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« A Milbankrupted column | Main | Is this Meester Caarpenter? »

November 22, 2013



Even if he did make the initial troop commitment similar to what LBJ did, I think, perhaps, freed from concerns about getting reelected and no big fan of VP and presumed heir apparent LBJ, JFK would have had more freedom to pull us out of there before we got lost in the quicksand.

I think post-JFK history bears it out that presidents are more willing to take big foreign policy risks in 2nd terms. In later years, the 2nd term presidents, who may be lurching into lame duck status on the domestic front, have taken stabs at getting peace deals done in the Middle East. Carter actually did it in his first, but then Iran decided it had had enough of the Shah, and Carter's reputation in foreign policy went with him, unfairly in my view. Reagan reversed himself on the red-baiting and negotiated with Gorbachev, Clinton took a stab at an Israel/Palestine deal. Bush II was a moron, so he doesn't count. Obama is moving toward detente with Iran AND trying to push Israel back to the table on Palestine (the latter seems destined to fail due to Bibi's intransigence).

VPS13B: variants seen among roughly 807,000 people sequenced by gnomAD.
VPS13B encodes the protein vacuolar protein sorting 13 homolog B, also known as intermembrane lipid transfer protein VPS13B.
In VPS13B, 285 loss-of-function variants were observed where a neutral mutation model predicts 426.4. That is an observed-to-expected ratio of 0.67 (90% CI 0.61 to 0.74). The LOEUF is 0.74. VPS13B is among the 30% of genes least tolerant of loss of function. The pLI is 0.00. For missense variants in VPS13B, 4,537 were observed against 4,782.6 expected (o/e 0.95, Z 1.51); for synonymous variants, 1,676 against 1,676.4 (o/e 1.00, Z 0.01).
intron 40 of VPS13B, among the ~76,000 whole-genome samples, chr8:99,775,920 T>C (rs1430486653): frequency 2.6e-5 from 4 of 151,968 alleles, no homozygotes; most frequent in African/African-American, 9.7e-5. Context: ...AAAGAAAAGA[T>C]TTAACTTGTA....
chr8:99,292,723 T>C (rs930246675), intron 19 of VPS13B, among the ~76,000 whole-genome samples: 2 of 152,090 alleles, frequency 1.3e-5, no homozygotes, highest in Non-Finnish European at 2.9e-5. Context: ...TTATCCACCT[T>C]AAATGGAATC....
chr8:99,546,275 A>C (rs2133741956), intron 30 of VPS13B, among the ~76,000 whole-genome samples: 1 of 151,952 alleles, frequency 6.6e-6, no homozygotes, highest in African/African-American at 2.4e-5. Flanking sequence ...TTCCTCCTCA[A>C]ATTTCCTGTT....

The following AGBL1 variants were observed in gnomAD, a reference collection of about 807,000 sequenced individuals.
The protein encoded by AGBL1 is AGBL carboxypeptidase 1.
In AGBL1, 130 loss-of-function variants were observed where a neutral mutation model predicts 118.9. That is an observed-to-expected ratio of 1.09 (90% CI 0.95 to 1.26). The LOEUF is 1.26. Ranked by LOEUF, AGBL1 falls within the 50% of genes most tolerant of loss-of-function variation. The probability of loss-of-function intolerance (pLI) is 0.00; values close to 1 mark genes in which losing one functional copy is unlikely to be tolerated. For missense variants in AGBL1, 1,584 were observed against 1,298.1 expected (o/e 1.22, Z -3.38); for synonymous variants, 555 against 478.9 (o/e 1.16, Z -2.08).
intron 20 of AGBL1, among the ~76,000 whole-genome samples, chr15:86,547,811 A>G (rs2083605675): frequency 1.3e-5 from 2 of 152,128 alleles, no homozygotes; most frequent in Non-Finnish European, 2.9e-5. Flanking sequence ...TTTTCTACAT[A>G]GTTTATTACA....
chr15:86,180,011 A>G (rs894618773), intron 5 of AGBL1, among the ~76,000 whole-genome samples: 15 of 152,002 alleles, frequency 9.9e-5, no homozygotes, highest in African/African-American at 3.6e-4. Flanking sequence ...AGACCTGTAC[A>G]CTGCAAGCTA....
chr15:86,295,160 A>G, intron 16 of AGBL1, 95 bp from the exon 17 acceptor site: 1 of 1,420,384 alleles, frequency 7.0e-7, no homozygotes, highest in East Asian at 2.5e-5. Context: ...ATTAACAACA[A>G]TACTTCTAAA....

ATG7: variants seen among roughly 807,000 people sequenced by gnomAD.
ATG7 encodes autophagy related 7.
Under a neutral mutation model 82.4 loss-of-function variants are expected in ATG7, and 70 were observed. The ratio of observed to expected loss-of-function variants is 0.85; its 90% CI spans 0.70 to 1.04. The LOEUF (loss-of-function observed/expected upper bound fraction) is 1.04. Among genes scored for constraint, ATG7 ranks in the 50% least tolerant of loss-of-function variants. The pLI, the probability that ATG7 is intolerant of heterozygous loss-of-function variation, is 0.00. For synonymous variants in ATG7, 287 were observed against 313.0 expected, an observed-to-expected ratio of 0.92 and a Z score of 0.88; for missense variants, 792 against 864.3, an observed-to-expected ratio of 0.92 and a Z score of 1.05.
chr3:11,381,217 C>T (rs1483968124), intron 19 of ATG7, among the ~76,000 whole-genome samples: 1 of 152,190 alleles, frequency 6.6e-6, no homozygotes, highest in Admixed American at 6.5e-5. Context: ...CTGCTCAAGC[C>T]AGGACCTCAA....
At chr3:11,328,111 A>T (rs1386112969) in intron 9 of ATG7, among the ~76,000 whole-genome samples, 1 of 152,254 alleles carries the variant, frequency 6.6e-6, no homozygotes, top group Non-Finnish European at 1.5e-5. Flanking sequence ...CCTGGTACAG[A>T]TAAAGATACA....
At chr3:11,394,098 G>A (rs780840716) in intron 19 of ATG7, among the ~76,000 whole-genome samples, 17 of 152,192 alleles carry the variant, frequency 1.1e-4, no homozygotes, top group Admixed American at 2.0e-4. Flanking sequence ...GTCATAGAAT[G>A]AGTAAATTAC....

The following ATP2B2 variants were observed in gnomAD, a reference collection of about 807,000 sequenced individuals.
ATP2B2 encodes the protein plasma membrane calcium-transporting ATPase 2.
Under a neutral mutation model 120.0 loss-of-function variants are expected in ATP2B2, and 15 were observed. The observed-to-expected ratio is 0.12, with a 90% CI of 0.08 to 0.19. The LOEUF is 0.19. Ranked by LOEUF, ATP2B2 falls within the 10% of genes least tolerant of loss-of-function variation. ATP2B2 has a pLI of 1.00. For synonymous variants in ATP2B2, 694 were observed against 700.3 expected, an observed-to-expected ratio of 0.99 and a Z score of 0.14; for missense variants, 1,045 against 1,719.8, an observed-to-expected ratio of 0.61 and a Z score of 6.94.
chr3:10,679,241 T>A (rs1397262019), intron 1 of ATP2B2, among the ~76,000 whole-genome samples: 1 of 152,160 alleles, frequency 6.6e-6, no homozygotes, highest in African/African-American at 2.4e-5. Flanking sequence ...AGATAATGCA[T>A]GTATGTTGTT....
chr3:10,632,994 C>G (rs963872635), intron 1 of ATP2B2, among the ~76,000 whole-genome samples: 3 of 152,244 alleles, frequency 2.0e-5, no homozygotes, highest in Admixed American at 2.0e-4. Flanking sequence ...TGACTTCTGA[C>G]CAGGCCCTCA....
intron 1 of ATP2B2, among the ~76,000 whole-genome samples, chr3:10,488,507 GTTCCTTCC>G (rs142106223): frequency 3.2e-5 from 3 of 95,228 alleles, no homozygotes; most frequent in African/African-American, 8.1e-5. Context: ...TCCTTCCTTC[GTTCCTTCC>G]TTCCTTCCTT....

At that point in history, not long after McCarthy had his fun, and when our schools did nuclear holocaust preparedness drills, it would have been awfully risky politically to back out of a confrontation with communists, anywhere, without being able to declare some sort of victory. A 2nd term JFK might have done it if he thought it was the right thing to do. But we'll never know.


JFK would have been in his 2d term, as mentioned, which is probably more important than his learning curve. He could have tried to "manage" Vietnam more carefully than LBJ. But he couldn't have "lost" it, for the same reasons LBJ couldn't afford to lose it--whatever his learning curve, the people and politics remained what they were. And, if he couldn't afford to lose it, what strategies were available to JFK other than that LBJ used?

Peter G

Yesterday I saw a brief clip from an interview in which he was asked point blank if he subscribed to the domino theory with regard to South East Asia. Without so much as a pause he replied that he did. I do not know what that portended for the future. Neither I nor anyone else can say. But I do not think it implied a diplomatic solution and if it did mean less military involvement I do not think it would have been before a sharp lesson had been learned.

Peter G

BTW Turgidson, I don't know if you've seen the story that AIPAC is backing Obama's strategy for dealing with Iran. Aside from losing American support for his position poor Bibi has some serious domestic opposition as well.

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